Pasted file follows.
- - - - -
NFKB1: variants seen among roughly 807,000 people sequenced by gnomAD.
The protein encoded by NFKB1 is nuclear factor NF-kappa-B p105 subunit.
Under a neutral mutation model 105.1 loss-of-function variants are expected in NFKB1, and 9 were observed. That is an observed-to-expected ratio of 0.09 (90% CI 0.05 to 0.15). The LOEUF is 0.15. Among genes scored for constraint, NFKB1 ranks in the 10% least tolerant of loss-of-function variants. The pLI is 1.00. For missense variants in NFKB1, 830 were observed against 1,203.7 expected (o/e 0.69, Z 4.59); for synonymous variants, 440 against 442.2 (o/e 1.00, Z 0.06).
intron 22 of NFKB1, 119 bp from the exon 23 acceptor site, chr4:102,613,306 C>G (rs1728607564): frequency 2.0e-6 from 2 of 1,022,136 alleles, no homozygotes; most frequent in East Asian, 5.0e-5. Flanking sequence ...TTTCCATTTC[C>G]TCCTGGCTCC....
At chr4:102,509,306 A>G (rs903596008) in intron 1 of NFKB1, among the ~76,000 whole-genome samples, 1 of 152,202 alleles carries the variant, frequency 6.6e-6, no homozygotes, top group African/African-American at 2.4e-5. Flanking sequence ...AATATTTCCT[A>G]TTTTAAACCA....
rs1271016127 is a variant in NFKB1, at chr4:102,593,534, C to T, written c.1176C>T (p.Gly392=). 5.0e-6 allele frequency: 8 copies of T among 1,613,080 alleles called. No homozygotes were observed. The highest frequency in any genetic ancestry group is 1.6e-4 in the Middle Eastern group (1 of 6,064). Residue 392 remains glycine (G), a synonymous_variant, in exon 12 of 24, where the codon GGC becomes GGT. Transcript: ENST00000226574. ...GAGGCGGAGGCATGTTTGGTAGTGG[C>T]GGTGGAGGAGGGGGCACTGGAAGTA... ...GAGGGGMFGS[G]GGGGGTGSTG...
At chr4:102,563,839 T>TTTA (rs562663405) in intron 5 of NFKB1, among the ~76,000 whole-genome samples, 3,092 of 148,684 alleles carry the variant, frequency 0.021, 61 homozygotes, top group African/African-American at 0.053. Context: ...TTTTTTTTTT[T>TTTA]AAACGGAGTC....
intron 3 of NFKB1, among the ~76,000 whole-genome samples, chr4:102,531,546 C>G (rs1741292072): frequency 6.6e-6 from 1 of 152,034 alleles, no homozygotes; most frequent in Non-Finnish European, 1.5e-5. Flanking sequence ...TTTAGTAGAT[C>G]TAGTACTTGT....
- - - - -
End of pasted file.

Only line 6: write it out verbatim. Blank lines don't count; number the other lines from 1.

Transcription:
rs1271016127 is a variant in NFKB1, at chr4:102,593,534, C to T, written c.1176C>T (p.Gly392=). 5.0e-6 allele frequency: 8 copies of T among 1,613,080 alleles called. No homozygotes were observed. The highest frequency in any genetic ancestry group is 1.6e-4 in the Middle Eastern group (1 of 6,064). Residue 392 remains glycine (G), a synonymous_variant, in exon 12 of 24, where the codon GGC becomes GGT. Transcript: ENST00000226574. ...GAGGCGGAGGCATGTTTGGTAGTGG[C>T]GGTGGAGGAGGGGGCACTGGAAGTA... ...GAGGGGMFGS[G]GGGGGTGSTG...